Not that Evans was concerned. True, he did little recording work, but that was because he refused to write for less than the musicians' union standard fee—a trait unlikely to endear him to the artist and repertoire departments of certain companies. But he scored music for radio and tv, for nightclub acts and for what was left of vaudeville. Such records as he did arrange were mainly backgrounds for rather obscure singers like Marcy Lutes, Helen Merrill and Lucy Reed, though he did write a subtly evanescent, hauntingly memorable re-composition of You go to my head for Teddy Charles's Tentet LP, and, later still, Blues for Pablo and Jambangle for Hal McKusick. For the rest, Evans, a self-taught musician—though he insists that "everybody who ever gave me a moment of beauty, significance, excitement has been a teacher" (Quoted in the sleeve note of Gil Evans, Great Jazz Standards, American Pacific Jazz 28) —filled gaps in his education, "reading music history, biographies of composers, articles on criticism, and listening to records" (Hentoff, Ibid). There were other reasons for his relative non-participation in jazz at that time. As he said, "I have a kind of direction of my own .. . my interest in jazz, pop and sound in various com­binations has dictated what I would do at various times. At different times, one of the three has been stronger" (Hentoff, Ibid.). Such an attitude would obviously prevent Evans from being a member of any self-conscious and organized movement in music for any length of time, and it may be added that he has never been overly concerned with the 'importance' of his writing, as a lot of it has been done not so much as personal expression as in pursuance of further knowledge through learning in a practical way.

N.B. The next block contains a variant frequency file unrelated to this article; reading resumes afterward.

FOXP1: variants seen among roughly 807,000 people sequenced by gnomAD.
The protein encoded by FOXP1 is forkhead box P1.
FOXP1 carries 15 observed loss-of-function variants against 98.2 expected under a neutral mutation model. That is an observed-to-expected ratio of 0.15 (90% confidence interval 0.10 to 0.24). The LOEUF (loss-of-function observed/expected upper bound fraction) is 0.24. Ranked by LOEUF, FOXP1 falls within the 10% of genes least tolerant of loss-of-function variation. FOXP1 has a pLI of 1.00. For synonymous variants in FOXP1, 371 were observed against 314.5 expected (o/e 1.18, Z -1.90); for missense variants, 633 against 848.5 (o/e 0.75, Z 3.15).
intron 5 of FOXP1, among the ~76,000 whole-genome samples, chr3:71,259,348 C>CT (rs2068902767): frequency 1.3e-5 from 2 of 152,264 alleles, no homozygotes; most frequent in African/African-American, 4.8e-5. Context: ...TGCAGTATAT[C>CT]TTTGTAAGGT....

One is not surprised to find, therefore, that he writes slowly through a conscientious desire to avoid clichés: "I have more craft and speed than I sometimes want to admit. I want to avoid getting into a rut. I can't keep doing the same thing over and over. I'm not a craftsman in the same sense as a lot of writers I hear who do commercial and jazz work. They have a wonderful ability with the details of their craft. The details are all authentic, but, when it's over, you realize that the whole is less than the sum of the parts" (Hentoff, Ibid). Because his writing is so in­dividual, Evans has always found it necessary to rehearse his scores personally, and desirable to work with musicians of his own choosing. Mulligan comments on this: "Gil is the one arranger I've played who can really notate a thing the way a soloist would blow [play] it. ... For example, the down-beats don't always fall on the down-beats in a solo, and he makes a note of that. It makes for a more complicated notation, but, because what he writes is melodic and makes sense, it's not hard to play. The notation makes the parts look harder than they are, but Gil can work with a band, can sing to them what he wants, and begets it out of them" (Hentoff, Ibid.). It remains as difficult, however, to obtain an exact description of Evans's rehearsal and recording processes as it was of Ellington's. "No, no, it's more mysterious than that" protested Steve Lacy when, talking to him in London during the mid-1960s, the pre­sent writer probed with a series of technical questions. "You get so carried away by the feeling of his music that you lose sight of the details" (Jazz Monthly, March, 1966). In a sort of confirmation of this, Mulligan said that what attracted Charlie Parker to Evans's music was the exploratory stance it adopted. Later he wanted to play some of Evans's scores but, says the latter, "by the time he was ready to use me I wasn't ready to write for him. I was going through another period of learning by then" (Nat Hentoff, Ibid.)